This was conflicting with my previous understanding of the day-to-day work of a police officer. I had previously seen police as a reaction force; when there is trouble, the police arrive. When there are people who need to be protected, they go to protect. When someone calls 911, they arrive. Their job was to stop the bad guys from doing bad things. As Delia Cai pointed out in her newsletter, these are what all the cops did in all the TV shows and movies I grew up watching. They were the peacekeepers. Why would you ever think such nice-looking peacekeepers would do harm to people who didn’t do anything wrong?

    What these NYPD cops were explaining was revealing: It is now literally their job to also seek out individuals to arrest, in order to match a quota. This work was not reactionary. They were actively seeking arrests based on a number, not necessarily the seriousness of the crime if there even was one. And if you’re looking for people to arrest, what kinds of people are the most vulnerable? Crime + Punishment also offers another scary thought: With the NYPD being such a vast and influential police force, how many other police departments across the country look to their quota system and think, “If they’re doing it, we should do it”?

    This documentary can’t explain away the police officer who murdered George Floyd; that was a man driven by hatred and more than just a need to fill a quota. Instead, the doc touches on the quiet racism of the police who, whether they want to or not, are actively making arrests to keep their jobs, so they target the demographic most at risk for arrest: black men. Quiet racism comes from this drive to actively search for more people to arrest and diminish, and the reward that comes from making these same arrests. Not only does law & order allow New Jim Crow, but it also rewards it.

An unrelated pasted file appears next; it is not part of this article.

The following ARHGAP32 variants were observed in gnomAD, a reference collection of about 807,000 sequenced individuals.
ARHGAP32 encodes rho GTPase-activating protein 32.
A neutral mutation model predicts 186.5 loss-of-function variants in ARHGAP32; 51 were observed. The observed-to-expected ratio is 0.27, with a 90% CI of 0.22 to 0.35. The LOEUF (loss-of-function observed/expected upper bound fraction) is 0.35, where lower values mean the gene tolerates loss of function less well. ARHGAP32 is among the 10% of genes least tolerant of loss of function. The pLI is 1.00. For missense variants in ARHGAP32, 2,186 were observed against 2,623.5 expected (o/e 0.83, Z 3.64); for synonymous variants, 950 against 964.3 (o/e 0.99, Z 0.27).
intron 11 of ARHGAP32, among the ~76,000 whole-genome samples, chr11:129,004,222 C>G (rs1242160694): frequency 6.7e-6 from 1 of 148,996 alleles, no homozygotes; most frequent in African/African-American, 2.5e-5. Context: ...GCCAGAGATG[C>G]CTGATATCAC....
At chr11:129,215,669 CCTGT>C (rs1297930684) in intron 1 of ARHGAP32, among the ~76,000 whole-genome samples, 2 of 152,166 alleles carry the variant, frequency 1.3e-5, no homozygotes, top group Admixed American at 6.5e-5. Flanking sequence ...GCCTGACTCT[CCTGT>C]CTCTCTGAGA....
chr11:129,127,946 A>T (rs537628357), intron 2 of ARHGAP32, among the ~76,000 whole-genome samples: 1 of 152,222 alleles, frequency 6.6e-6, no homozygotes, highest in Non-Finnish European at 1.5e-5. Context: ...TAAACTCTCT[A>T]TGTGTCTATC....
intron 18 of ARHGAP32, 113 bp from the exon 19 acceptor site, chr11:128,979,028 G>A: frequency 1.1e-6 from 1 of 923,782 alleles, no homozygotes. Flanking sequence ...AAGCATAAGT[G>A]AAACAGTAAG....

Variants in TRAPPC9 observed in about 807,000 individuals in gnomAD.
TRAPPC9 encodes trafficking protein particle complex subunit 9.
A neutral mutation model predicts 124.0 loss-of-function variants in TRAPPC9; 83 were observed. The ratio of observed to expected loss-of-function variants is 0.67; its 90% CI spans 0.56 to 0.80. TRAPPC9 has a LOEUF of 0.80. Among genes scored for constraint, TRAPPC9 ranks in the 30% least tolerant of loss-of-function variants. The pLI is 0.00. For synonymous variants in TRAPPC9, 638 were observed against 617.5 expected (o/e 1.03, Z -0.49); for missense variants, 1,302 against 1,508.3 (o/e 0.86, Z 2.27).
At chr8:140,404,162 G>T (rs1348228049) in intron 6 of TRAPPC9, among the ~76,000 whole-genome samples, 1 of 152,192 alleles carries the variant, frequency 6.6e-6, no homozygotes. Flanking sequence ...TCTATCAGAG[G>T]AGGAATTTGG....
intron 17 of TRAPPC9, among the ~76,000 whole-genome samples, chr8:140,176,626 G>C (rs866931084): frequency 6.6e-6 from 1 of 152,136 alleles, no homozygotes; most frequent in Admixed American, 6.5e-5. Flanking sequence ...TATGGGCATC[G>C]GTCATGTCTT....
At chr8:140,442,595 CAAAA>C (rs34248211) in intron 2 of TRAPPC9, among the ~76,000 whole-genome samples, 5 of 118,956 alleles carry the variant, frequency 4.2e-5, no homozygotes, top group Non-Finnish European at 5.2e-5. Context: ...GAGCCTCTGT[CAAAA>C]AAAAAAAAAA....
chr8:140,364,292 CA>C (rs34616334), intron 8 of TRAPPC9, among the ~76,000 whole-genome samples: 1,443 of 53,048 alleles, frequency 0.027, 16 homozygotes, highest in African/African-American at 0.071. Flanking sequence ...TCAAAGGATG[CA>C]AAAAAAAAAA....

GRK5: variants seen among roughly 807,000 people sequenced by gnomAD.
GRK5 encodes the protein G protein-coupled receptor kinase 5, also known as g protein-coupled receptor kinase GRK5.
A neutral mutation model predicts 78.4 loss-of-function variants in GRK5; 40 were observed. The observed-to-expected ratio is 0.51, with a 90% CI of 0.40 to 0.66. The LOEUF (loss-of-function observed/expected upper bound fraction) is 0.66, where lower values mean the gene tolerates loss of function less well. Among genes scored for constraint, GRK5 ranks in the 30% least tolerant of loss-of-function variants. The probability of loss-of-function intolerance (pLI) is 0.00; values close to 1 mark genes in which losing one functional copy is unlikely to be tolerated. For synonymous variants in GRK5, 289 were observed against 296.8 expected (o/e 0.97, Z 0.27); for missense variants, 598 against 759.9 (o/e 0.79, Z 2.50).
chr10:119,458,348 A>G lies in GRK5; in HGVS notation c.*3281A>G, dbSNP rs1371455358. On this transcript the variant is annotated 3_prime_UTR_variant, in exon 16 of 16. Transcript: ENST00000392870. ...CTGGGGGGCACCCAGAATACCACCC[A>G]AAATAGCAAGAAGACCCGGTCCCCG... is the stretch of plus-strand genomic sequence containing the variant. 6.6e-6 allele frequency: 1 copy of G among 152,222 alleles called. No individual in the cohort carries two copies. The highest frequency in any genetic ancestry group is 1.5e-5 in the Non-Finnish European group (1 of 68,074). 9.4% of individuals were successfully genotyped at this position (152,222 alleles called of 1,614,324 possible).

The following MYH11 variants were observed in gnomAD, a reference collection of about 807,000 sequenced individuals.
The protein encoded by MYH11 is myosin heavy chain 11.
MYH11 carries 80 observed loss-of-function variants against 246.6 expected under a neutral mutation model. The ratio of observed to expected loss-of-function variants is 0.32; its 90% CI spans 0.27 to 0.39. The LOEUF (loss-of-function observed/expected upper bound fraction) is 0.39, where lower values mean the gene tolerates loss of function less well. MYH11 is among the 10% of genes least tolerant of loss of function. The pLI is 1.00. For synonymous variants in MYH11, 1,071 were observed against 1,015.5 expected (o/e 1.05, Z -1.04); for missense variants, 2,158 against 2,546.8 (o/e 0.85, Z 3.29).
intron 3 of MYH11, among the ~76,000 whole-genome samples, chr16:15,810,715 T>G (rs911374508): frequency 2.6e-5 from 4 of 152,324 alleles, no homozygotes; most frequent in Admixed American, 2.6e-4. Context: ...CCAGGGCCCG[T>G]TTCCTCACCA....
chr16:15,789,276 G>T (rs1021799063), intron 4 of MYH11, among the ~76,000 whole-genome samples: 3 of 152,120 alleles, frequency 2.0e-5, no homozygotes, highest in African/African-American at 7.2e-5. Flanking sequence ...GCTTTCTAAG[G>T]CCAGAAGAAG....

5. Linda Gordon’s The Second Coming of the KKK

    Like I mentioned before, I feel shame that the KKK has a large presence in the state where I grew up, and I wonder how their normalization in my part of the country affects my own outlook on the world. Yet I recommend this book specifically because Gordon addresses a specific attitude. It also taught me something that I didn’t know: There are three klans.

    The first KKK technically existed in the era of Reconstruction, in a form that embraced direct violence and the lynching of black people. The third and current incarnation of the KKK was founded in response to Civil Rights, around the time that Baldwin and Buckley were coming into their intellectual own.

    Gordon’s book focuses on the Second KKK, which was at its political and popular peak in the late 1910s and throughout the 1920s. (This version of the klan was partly inspired by D. W. Griffith’s 1915 The Birth of a Nation and its mythology of the original klan.) This version of the klan was created in an effort to still attack black people and other non-white groups. Why I bring up this book, however, is what the second klan did so differently. Instead of lynching and direct violence, these new klan leaders used an entirely new approach: Do literally everything, except direct violence. This is the klan that introduced cross burnings and embraced mass parades and mass media; intimidation tactics that never directly and physically attacked anyone, all of which are coming from strangers wearing masks. Everything they did was terrifying and confrontational and in your face. It also was all legal. It was within their freedoms. Their goal: to work as much as possible within the law. Anyone who went beyond the law and physically attacked people was condemned after the fact. But they were not stopped.